“What is your favorite 50 miler and what inspires you to keep doing them?” This was a question that I was asked on the pre-race panel at the North Face Endurance Challenge, just outside of Washington, DC. As a newbie to the ultra-scene, I had never raced anything above a marathon (and still haven’t). I responded that I had never felt so “not hardcore saying that I was only a marathon runner.”
You are probably wondering what on earth I was doing on this panel. I was the coach of the North Face Endurance Challenge program in Washington, DC. I coached the 10k, half marathon, 50k, and 50-mile programs on behalf of The North Face. Being a competitive marathon runner and former cross country runner, the 10k through the 50k was like second nature to me, but the 50-mile race, that was a new beast entirely.
I had a committed, all male group attempting the 50 miler. Many of the runners were fairly new to the running scene, and none had ever completed a 50 miler before. Thus, not only did they have to train to be able to complete the race, but they had to learn to run while carry hydration packs, absorb new information about nutrition, and learn to run on challenging, technical terrain as would be the terrain on the race course. The athletes took this on with an abundant amount of enthusiasm, and luckily with the support of ultra runners Michael Wardian and George Banker who made themselves open to supporting the team. Hence, the athletes had access to the best resources, and made use of them.
Arriving on race morning at 4 a.m., I was struck by how relaxed everyone seemed. It was a stark contrast to the road marathons that I am used to racing in. Fifteen minutes before race start when the announcements started, participants were still milling around and catching-up with each other, whereas in a road race, people would have been lined up for half an hour already. The gun went off and the athletes started. I was touched by the amount of camaraderie during the race, with athletes working together and helping each other through the hard miles.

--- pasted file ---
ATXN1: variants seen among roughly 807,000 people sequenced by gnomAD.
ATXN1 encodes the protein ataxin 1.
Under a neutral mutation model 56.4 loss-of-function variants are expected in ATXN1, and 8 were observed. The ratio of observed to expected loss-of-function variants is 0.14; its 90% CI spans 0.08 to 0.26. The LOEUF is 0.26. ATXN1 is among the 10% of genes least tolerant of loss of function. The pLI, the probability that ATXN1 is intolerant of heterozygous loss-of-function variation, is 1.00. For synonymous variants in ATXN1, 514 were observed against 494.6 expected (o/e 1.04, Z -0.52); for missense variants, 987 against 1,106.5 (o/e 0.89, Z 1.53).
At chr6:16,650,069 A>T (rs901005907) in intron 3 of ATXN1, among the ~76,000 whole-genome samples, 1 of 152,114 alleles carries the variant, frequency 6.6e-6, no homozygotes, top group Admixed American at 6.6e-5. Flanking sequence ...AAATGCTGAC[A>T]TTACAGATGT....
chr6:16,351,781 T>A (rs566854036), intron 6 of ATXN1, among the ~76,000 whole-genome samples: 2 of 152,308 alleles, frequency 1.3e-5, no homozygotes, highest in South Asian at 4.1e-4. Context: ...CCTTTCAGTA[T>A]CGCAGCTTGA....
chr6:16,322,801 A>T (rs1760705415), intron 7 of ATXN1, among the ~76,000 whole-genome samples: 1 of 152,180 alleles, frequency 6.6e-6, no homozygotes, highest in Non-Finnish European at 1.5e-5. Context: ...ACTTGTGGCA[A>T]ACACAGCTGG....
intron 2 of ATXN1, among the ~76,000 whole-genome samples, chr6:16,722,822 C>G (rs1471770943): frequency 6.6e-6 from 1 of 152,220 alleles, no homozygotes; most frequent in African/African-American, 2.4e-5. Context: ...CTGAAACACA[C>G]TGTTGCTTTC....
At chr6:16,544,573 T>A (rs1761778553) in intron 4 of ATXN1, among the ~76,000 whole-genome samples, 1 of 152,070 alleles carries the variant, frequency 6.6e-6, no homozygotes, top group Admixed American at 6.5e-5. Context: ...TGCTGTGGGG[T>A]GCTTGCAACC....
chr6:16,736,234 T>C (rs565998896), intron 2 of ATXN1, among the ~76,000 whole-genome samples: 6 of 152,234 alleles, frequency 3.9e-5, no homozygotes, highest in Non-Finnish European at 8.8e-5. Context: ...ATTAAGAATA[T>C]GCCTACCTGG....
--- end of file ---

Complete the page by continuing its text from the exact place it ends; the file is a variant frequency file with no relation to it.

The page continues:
I think what struck me the most was the finish. Almost everyone came through smiling, even after 50 miles of racing. This is something that I rarely see at a road race. I learned that ultra-running is more than just a race. It is about building a community and connecting with the other athletes out on the trail. It is more than just about you and your race, but how you can leverage the relationships built on the trails to help you finish. I was happy to see that my athletes made new friends while racing, and had a truly great time completing the race.
All of my athletes finished with smiles on their faces and had completed what they set out to accomplish, which was to get their first ultra-marathon under their belts. I think they absorbed and embraced ultra-culture full heartily and are looking forward to running another one. As for me, I think an ultra-marathon is definitely in my future, but first, I need to accomplish what I need to accomplish my marathon and shorter race distance goals, because from what I observed on race day, once you become an ultra-runner, there is no turning back.
- What struck you most when you were first introduced to trail running or ultramarathons and the communities that surround them?
- How have you felt if and when you have guided others into trail running or ultrarunning?